MIAMI, September 16, 2010 - Often maligned as growth villains, getting in the way of Latin America's long-term prosperity, commodities are quickly turning around their bad reputation to become the unsung heroes of the region's recovery and increasingly bright economic outlook.
According to the report " Natural resources in Latin America and the Caribbean: Beyond Booms and Busts?", the current commodity bonanza, if managed wisely, can propel Latin America to rich-world growth levels, contradicting the long-held view that commodities are a curse to a country's development -- quick riches that never seem to produce lasting wealth.
Commodities' new role as an engine for lasting growth can be seen in the region's recovery from the global financial crisis, largely attributed to exploding exports of raw material to emerging markets. China, in particular, has become an important destination market, with its share of commodity exports growing tenfold since 1990 --from 0.8 percent in 1990 to 10 percent of total commodity exports in 2008.
"Assuming that Asian demand for soy exports from Argentina, iron ore from Brazil, copper from Chile, fish and minerals from Peru and other Latin American commodities keeps up, the region is in a strong position to profit from its natural resources," says the report's author and World Bank's Chief Economist, Augusto de la Torre.
So, is everything that glitters gold for Latin America? Not quite so, de la Torre says.
Windfall revenues from natural resources need to be saved for a rainy day so when highly volatile commodity prices drop countries don't go broke, the expert notes.
Fortunately -he argues- countries are increasingly savvier with commodities, leading him to believe that Latin America may be breaking the "natural resource curse" – a huge deal for a region where 93 percent of the population and 97 percent of economic activity is in countries that are net commodity exporters.
In 2008, commodity exports for the seven largest economies in LAC reached a high of nearly US$400 billion. This accounted for just over half of overall exports (52 percent). In the Southern Cone of the region (Argentina, Uruguay, Paraguay, and Southern Brazil) the share of agriculture related exports represents more than 50% of total exports, as an average.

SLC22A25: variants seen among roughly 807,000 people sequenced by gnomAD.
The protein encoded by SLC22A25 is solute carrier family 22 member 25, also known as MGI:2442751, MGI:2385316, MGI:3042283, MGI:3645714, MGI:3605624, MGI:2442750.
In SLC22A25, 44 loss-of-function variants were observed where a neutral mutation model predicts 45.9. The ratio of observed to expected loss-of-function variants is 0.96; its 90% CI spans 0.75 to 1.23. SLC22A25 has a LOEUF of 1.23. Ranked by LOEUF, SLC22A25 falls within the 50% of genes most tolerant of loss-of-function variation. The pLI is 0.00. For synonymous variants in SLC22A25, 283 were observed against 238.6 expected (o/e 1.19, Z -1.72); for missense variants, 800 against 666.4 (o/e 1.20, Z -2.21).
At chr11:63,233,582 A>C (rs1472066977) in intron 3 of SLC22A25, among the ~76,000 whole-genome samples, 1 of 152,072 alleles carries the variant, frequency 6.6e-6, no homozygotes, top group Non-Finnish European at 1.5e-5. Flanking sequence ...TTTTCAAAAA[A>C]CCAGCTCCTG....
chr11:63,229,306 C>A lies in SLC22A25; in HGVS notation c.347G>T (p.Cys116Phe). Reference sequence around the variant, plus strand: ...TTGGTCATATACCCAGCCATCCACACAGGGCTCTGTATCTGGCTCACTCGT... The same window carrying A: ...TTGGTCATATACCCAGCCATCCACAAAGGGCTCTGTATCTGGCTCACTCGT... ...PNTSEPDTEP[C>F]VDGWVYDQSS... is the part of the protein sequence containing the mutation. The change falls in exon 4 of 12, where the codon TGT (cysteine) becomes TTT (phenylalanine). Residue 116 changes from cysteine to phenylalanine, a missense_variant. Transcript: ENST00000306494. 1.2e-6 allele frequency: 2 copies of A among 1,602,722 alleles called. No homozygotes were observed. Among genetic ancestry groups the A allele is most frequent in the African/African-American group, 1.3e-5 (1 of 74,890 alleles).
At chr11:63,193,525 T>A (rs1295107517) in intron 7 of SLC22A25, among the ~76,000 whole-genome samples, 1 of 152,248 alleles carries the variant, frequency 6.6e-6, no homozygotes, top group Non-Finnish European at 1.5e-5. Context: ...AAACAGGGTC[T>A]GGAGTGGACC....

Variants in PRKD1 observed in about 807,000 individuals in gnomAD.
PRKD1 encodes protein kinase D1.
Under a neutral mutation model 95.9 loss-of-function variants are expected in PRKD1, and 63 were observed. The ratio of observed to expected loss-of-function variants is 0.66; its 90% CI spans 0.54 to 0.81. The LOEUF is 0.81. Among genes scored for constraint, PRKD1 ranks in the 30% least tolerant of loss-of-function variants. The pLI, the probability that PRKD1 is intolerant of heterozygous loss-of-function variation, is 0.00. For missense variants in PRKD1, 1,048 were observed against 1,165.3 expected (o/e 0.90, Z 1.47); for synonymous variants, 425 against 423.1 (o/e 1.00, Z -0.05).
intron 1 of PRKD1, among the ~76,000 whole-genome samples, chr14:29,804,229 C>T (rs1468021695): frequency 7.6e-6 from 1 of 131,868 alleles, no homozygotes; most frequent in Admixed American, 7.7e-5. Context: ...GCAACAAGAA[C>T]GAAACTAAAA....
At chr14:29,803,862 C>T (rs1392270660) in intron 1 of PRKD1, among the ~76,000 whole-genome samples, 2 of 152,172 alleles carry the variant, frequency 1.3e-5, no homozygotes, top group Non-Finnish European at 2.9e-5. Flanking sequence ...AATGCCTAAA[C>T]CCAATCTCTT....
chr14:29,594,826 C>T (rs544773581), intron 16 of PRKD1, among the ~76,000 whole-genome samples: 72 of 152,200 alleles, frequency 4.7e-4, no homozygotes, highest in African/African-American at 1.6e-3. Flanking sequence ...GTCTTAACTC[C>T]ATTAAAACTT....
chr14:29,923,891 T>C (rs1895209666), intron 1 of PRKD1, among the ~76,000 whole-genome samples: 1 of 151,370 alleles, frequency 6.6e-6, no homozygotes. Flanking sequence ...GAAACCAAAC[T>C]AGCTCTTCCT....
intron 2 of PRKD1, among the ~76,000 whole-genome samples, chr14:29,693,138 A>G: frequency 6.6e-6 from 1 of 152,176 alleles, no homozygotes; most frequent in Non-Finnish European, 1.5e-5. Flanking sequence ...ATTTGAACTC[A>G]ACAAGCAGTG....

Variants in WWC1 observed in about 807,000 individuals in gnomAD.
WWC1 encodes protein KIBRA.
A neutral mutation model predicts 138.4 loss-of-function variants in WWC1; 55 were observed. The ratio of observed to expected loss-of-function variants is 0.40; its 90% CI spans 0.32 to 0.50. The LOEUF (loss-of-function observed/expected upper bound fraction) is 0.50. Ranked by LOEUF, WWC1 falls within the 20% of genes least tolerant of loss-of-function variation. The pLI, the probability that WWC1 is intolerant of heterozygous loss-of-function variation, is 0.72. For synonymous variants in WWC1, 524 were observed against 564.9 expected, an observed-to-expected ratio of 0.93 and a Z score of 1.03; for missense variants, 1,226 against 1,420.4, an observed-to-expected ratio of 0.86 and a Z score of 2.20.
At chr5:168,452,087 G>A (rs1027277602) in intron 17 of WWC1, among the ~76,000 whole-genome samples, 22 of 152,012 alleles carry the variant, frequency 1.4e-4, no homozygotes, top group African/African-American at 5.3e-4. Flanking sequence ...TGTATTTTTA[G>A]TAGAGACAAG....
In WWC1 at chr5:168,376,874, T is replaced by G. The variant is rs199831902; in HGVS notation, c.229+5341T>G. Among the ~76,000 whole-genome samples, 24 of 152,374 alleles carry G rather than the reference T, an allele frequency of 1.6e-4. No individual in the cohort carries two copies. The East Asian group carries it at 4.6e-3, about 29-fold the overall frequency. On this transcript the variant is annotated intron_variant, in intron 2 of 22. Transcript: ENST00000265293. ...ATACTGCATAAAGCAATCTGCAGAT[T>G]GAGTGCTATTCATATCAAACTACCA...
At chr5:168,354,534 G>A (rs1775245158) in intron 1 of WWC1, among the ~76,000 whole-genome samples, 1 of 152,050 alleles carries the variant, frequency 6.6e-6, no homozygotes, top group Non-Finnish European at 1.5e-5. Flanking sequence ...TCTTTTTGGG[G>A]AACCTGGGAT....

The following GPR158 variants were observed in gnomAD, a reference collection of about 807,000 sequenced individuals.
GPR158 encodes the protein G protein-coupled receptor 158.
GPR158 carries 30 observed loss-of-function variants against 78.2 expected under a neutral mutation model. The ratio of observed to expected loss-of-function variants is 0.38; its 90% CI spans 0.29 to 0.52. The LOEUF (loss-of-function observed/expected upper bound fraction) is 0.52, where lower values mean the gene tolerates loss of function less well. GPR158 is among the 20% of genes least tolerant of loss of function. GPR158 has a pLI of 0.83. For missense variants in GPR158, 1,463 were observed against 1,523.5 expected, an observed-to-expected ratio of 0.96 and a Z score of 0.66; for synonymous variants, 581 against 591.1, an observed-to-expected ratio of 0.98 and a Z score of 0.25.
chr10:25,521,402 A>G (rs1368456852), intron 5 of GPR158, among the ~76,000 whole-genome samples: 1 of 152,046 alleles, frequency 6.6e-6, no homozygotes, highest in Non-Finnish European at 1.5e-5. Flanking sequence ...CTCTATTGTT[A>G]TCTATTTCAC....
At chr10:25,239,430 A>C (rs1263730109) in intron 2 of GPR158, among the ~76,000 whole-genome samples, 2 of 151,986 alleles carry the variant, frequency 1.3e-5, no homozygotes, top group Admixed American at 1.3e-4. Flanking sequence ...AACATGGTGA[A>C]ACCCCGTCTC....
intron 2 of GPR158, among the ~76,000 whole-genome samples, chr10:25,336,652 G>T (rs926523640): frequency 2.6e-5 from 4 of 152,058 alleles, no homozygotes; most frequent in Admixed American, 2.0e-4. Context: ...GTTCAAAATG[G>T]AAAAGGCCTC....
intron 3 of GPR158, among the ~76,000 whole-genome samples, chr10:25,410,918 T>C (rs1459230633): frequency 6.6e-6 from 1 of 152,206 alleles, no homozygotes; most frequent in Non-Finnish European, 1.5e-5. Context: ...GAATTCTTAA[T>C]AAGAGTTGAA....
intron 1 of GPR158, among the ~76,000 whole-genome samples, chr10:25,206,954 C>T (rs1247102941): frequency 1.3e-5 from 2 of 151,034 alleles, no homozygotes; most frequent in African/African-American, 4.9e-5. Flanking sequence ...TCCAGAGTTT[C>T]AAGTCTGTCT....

Chile's copper stabilization fund is a good example of wisely managing a commodity boom, he argues."The commodity bonanza is less likely to end badly for Latin America this time around, because countries that are rich in natural resources are being smarter in the way they manage their income", says de la Torre.
By saving the proceeds of its copper windfall during good times Chile has been able to maintain its social programs and invest in new industries during lean times. Chile even used part of the stabilization fund to finance the country's reconstruction following its February 27 earthquake.
De la Torre added that other commodity-exporting countries such as Peru, Colombia and Brazil, which are following responsible economic policies, may be following Chile's steps.
The World Bank report argues that well-designed natural resource stabilization or long term savings funds could help the region deal with revenue instability and wealth preservation. Of five countries that began the boom in 2002 with stabilization funds or similar fiscal arrangements, Chile and Trinidad and Tobago ended it with significant savings to be able to finance a countercyclical response to the downturn.
It also warns that many stabilization funds have failed because it is hard to resist political pressure to spend unduly during the boom. However, according to the report, Chile's experience shows that savings out of windfalls (to use in downturns) can have economic and political pay-offs.